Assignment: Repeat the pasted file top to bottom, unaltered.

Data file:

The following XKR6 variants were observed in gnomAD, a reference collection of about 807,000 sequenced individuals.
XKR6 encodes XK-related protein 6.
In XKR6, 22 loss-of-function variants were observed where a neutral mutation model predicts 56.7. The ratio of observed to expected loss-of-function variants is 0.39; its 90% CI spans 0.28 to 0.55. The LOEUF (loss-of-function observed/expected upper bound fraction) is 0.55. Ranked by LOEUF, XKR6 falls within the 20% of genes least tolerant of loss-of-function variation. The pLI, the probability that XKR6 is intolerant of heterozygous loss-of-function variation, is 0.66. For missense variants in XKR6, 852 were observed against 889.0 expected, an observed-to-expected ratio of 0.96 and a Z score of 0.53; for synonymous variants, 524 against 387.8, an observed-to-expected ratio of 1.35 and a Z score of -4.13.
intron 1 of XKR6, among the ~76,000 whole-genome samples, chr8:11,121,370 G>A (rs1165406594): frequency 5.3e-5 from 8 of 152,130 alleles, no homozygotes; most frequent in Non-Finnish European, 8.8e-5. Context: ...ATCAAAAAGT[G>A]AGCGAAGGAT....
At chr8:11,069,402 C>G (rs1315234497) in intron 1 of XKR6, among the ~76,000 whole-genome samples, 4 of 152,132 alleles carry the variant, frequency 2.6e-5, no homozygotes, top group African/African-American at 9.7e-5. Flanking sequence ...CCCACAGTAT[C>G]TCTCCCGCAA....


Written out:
The following XKR6 variants were observed in gnomAD, a reference collection of about 807,000 sequenced individuals.
XKR6 encodes XK-related protein 6.
In XKR6, 22 loss-of-function variants were observed where a neutral mutation model predicts 56.7. The ratio of observed to expected loss-of-function variants is 0.39; its 90% CI spans 0.28 to 0.55. The LOEUF (loss-of-function observed/expected upper bound fraction) is 0.55. Ranked by LOEUF, XKR6 falls within the 20% of genes least tolerant of loss-of-function variation. The pLI, the probability that XKR6 is intolerant of heterozygous loss-of-function variation, is 0.66. For missense variants in XKR6, 852 were observed against 889.0 expected, an observed-to-expected ratio of 0.96 and a Z score of 0.53; for synonymous variants, 524 against 387.8, an observed-to-expected ratio of 1.35 and a Z score of -4.13.
intron 1 of XKR6, among the ~76,000 whole-genome samples, chr8:11,121,370 G>A (rs1165406594): frequency 5.3e-5 from 8 of 152,130 alleles, no homozygotes; most frequent in Non-Finnish European, 8.8e-5. Context: ...ATCAAAAAGT[G>A]AGCGAAGGAT....
At chr8:11,069,402 C>G (rs1315234497) in intron 1 of XKR6, among the ~76,000 whole-genome samples, 4 of 152,132 alleles carry the variant, frequency 2.6e-5, no homozygotes, top group African/African-American at 9.7e-5. Flanking sequence ...CCCACAGTAT[C>G]TCTCCCGCAA....